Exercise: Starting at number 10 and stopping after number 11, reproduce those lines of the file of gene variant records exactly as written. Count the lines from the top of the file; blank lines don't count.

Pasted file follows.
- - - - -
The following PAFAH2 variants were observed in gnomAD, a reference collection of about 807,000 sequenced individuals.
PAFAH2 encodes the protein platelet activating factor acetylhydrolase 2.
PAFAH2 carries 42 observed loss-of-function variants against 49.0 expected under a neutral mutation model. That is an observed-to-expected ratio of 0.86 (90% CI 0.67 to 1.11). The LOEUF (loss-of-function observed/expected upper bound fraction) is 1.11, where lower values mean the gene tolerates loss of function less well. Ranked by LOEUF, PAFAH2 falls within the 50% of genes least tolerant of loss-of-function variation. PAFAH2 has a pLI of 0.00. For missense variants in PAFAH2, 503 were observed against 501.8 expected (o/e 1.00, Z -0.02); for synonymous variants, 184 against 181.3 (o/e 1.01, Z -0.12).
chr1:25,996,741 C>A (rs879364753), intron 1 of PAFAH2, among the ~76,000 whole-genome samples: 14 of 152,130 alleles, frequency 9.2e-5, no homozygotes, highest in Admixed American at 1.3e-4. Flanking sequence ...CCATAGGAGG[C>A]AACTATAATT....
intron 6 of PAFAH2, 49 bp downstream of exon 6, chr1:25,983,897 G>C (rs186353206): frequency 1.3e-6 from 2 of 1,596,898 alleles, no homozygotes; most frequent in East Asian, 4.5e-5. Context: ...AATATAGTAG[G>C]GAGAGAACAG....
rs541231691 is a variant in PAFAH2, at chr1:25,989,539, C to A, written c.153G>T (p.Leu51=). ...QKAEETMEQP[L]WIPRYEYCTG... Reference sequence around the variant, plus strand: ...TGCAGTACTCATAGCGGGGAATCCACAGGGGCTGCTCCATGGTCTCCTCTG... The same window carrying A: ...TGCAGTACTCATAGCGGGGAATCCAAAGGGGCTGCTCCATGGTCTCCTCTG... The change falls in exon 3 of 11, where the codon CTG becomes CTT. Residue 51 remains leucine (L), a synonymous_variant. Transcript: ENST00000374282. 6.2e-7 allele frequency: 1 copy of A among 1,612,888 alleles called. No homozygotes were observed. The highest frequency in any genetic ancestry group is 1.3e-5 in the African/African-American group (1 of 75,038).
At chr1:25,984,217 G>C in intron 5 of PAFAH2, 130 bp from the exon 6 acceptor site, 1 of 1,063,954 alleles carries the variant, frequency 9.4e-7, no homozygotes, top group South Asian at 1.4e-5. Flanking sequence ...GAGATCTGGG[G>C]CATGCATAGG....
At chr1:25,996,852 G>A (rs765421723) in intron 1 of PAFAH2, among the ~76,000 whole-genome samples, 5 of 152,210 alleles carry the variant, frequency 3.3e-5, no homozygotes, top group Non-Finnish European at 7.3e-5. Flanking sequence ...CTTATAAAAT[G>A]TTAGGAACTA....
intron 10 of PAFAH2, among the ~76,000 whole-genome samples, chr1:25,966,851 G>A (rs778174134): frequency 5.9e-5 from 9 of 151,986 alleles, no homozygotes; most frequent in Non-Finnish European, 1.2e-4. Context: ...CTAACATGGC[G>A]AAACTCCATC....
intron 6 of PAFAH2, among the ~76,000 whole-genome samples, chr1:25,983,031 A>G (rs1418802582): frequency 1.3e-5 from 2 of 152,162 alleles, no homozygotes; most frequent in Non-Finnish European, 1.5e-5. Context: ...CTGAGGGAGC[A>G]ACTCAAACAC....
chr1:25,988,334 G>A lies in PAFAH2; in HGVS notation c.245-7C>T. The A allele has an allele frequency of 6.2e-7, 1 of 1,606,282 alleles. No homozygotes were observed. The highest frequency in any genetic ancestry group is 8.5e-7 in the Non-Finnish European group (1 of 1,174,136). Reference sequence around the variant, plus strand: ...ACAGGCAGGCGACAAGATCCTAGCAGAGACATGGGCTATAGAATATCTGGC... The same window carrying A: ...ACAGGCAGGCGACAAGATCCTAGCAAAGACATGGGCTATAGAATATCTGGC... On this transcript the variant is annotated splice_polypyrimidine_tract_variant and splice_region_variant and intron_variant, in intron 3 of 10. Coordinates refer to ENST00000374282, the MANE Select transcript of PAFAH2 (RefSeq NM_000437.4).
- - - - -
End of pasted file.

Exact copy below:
intron 6 of PAFAH2, among the ~76,000 whole-genome samples, chr1:25,983,031 A>G (rs1418802582): frequency 1.3e-5 from 2 of 152,162 alleles, no homozygotes; most frequent in Non-Finnish European, 1.5e-5. Context: ...CTGAGGGAGC[A>G]ACTCAAACAC....
chr1:25,988,334 G>A lies in PAFAH2; in HGVS notation c.245-7C>T. The A allele has an allele frequency of 6.2e-7, 1 of 1,606,282 alleles. No homozygotes were observed. The highest frequency in any genetic ancestry group is 8.5e-7 in the Non-Finnish European group (1 of 1,174,136). Reference sequence around the variant, plus strand: ...ACAGGCAGGCGACAAGATCCTAGCAGAGACATGGGCTATAGAATATCTGGC... The same window carrying A: ...ACAGGCAGGCGACAAGATCCTAGCAAAGACATGGGCTATAGAATATCTGGC... On this transcript the variant is annotated splice_polypyrimidine_tract_variant and splice_region_variant and intron_variant, in intron 3 of 10. Coordinates refer to ENST00000374282, the MANE Select transcript of PAFAH2 (RefSeq NM_000437.4).